QUICK POST: One Practical Thing


This morning another conversation about the price of craft beer broke out on Twitter, as it does every three months or so.

This time the prompt was an arti­cle by Will Hawkes for the Guardian on pro­gres­sive brew­eries and inclu­sive­ness:

Women are increas­ing­ly tak­ing the respon­si­bil­i­ty for shap­ing the beer world. Writer Melis­sa Cole and brew­er Jae­ga Wise have dri­ven the cam­paign against using sex­u­alised images of women in beer mar­ket­ing.… There’s [also] a grow­ing sense that the beer world needs to make it eas­i­er for cus­tomers to drink its prod­ucts. Lead­ing the way is Ride Brew­ing Com­pa­ny in Glas­gow, where the tap­room is ful­ly acces­si­ble to peo­ple with dis­abil­i­ties. Head brew­er Dave Lan­ni­gan says his expe­ri­ences have influ­enced this stance. “I am offi­cial­ly dis­abled through loss of hear­ing, so have per­son­al expe­ri­ence of being exclud­ed,” he says. “We are just keen to make a dif­fer­ence, no mat­ter how small.”

(Some­one did great work on the head­line for that sto­ry, by the way.)

This prompt­ed food writer Tony Nay­lor to Tweet the fol­low­ing:

Lots of good initiatives here but if craft beer wants an inclusive working class audience it needs to have a serious conversation about the race to establish the £5 pint as standard. What would you drink if you were skint? Idea: £3 Pint Project. 12 breweries in, say, Greater MCR take turns each month to brew a £3 pint/ get it stocked in loads of good bars/ to see what’s possible stylistically. Now THAT (& even £3 is expensive if you’re skint), would be a positive move.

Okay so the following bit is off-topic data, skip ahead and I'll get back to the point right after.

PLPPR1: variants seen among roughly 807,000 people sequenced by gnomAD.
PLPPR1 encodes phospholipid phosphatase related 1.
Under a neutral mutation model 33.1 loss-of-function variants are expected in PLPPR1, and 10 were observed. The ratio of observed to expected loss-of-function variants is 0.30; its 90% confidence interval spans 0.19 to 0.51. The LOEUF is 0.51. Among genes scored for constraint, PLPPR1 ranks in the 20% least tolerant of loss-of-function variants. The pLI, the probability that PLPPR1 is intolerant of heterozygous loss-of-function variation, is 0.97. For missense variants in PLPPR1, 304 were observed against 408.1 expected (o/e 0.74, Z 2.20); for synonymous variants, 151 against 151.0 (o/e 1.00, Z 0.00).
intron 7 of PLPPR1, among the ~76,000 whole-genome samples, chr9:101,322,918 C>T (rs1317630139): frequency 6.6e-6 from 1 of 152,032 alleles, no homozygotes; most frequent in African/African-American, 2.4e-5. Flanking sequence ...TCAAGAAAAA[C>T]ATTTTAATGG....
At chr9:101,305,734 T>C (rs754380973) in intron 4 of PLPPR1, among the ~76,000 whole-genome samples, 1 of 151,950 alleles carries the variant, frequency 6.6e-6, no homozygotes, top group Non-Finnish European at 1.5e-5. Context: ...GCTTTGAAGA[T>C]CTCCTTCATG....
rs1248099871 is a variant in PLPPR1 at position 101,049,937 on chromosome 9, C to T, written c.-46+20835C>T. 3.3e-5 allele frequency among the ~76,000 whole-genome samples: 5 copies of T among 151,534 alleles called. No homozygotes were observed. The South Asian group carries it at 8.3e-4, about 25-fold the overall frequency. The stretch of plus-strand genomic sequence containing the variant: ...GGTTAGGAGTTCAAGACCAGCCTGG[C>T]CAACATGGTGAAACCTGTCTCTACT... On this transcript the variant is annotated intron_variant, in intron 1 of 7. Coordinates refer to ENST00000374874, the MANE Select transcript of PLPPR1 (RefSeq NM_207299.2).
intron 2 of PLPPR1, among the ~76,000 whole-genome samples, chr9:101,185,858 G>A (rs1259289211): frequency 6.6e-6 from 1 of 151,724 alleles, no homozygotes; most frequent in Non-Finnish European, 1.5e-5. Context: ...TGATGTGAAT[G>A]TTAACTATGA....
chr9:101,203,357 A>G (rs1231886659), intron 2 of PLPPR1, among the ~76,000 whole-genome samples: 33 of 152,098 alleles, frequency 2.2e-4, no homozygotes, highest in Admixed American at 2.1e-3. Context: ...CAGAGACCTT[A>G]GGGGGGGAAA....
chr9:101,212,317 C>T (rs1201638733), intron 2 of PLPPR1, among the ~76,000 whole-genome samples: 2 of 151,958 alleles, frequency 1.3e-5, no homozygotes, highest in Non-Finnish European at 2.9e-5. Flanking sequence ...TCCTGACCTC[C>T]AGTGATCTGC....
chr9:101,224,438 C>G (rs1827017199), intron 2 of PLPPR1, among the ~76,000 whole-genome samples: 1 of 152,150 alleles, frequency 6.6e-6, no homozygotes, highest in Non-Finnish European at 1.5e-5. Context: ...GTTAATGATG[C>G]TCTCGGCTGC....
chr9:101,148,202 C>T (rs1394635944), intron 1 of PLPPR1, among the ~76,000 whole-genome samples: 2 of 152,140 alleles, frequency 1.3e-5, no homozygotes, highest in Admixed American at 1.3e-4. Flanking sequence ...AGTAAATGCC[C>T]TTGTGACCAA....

We think that’s quite an inter­est­ing, provoca­tive sug­ges­tion and, indeed, made a sim­i­lar one our­selves in 2012. He’s cer­tain­ly not say­ing all beer should be £3 a pint, or that £5 pints should be banned, or are a great evil – just that some delib­er­ate, dis­rup­tive ges­ture on price might shake things up a bit.

But whether it’s a prac­ti­cal sug­ges­tion or not it did make us think of some­thing beer enthu­si­asts and com­men­ta­tors could be doing more often: mak­ing the effort to high­light good val­ue beers.

Big, rare, strange craft beers nat­u­ral­ly attract a lot of cov­er­age because they’re dif­fer­ent and come with some sort of sto­ry, but that can add up to a sense that (to bor­row CAM­RA’s con­tro­ver­sial phrase) they are ‘the pin­na­cle of the brew­er’s art’ and that if you’re drink­ing any­thing else, you’re slum­ming it. Why both­er? Real­ly, you should sell an organ or two, or skip your lunchtime avo­ca­do feast to cov­er the cost of the upgrade. (Remem­ber, nobody has any mon­ey these days.)

So, instead of moan­ing about expen­sive pints – or at least as well as doing that – make a point of flag­ging great ones you’ve found at £3 a pint or £2 a can.

It does­n’t have to be an essay – just a Face­book post, Tweet or pass­ing men­tion in a post on anoth­er top­ic. But essays are good too. Food crit­ic Jay Rayn­er has just shared a piece defend­ing his writ­ing about expen­sive restau­rants but one of the best things he’s ever writ­ten was about a Pol­ish restau­rant in Birm­ing­ham with main cours­es at under a ten­ner.

Of course nobody should pre­tend to like beers they don’t, or hold back from writ­ing about expen­sive beers that real­ly get them excit­ed, but if there’s a read­i­ly avail­able, afford­able beer you real­ly do enjoy, take a moment to tell the world, with­out apolo­gies or caveats, and with­out expect­ing a medal for your brav­ery.

16 thoughts on “QUICK POST: One Practical Thing”

  1. A good exam­ple (oth­er than Sam Smith’s OBB) of the “Peo­ple’s Pint” in Lon­don is Redemp­tion’s Trin­i­ty (as Kei­th Flett sug­gests in his post). A real­ly good mod­ern hop­py­ish beer at only 3% ABV. I drank this a cou­ple of months ago at the Queen’s Head on Acton St where it was only £3.20 a pint (even cheap­er with the 10% CAMRA dis­count). They also have it on fair­ly fre­quent­ly at the Euston Tap for about £3.60 (I think).

    1. Hi Paul

      Thanks for the shout. I work for the Redemp­tion Brew­ery and it’s always great to have feed­back like this. We are lucky that the duty allows us to brew a great pint at a good price to the pubs.